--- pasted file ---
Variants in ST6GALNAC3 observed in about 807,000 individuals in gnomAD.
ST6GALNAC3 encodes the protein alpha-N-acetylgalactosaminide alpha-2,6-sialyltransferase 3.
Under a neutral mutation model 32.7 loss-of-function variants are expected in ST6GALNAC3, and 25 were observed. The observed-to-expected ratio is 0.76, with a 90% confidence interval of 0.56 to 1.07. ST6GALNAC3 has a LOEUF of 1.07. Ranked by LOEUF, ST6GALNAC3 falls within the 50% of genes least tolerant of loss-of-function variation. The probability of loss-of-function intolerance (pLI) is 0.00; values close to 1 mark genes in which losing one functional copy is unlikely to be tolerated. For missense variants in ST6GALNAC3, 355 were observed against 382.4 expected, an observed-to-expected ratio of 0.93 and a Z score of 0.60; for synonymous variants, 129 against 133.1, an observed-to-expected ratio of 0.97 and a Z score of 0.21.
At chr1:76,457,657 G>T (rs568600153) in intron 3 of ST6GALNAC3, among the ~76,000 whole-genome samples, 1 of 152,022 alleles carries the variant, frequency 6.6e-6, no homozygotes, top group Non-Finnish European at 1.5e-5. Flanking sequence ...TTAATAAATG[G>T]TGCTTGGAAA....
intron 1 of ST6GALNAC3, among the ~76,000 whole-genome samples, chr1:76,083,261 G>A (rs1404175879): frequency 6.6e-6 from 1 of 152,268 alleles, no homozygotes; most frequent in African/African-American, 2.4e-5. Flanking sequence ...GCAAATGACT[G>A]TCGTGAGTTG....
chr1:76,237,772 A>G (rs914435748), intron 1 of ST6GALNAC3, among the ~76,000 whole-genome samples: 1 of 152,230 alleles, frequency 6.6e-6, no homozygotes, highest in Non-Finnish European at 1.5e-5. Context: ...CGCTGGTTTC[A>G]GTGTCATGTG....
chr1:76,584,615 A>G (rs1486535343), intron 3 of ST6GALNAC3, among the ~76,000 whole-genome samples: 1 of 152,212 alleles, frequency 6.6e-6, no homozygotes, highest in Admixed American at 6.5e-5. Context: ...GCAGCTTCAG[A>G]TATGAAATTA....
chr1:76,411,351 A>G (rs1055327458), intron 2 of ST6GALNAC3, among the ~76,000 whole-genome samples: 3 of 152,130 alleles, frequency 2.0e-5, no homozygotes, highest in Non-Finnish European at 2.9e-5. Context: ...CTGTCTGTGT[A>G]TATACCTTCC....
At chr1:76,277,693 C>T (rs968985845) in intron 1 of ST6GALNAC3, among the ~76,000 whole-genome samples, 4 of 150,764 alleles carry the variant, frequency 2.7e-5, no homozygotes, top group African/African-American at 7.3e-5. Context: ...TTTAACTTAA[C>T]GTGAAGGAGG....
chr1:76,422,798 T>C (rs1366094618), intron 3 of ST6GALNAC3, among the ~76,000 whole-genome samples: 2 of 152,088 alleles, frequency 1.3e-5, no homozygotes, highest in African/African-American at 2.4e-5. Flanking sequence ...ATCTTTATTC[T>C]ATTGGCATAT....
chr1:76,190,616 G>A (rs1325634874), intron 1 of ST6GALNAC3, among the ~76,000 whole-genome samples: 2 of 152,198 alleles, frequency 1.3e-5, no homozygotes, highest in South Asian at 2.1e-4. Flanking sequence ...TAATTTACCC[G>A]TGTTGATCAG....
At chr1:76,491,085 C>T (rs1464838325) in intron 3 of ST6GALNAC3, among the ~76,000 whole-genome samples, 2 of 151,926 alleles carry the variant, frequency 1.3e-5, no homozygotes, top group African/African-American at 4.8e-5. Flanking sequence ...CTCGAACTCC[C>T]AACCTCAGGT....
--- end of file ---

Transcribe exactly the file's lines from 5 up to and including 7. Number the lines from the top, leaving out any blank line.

intron 1 of ST6GALNAC3, among the ~76,000 whole-genome samples, chr1:76,083,261 G>A (rs1404175879): frequency 6.6e-6 from 1 of 152,268 alleles, no homozygotes; most frequent in African/African-American, 2.4e-5. Flanking sequence ...GCAAATGACT[G>A]TCGTGAGTTG....
chr1:76,237,772 A>G (rs914435748), intron 1 of ST6GALNAC3, among the ~76,000 whole-genome samples: 1 of 152,230 alleles, frequency 6.6e-6, no homozygotes, highest in Non-Finnish European at 1.5e-5. Context: ...CGCTGGTTTC[A>G]GTGTCATGTG....
chr1:76,584,615 A>G (rs1486535343), intron 3 of ST6GALNAC3, among the ~76,000 whole-genome samples: 1 of 152,212 alleles, frequency 6.6e-6, no homozygotes, highest in Admixed American at 6.5e-5. Context: ...GCAGCTTCAG[A>G]TATGAAATTA....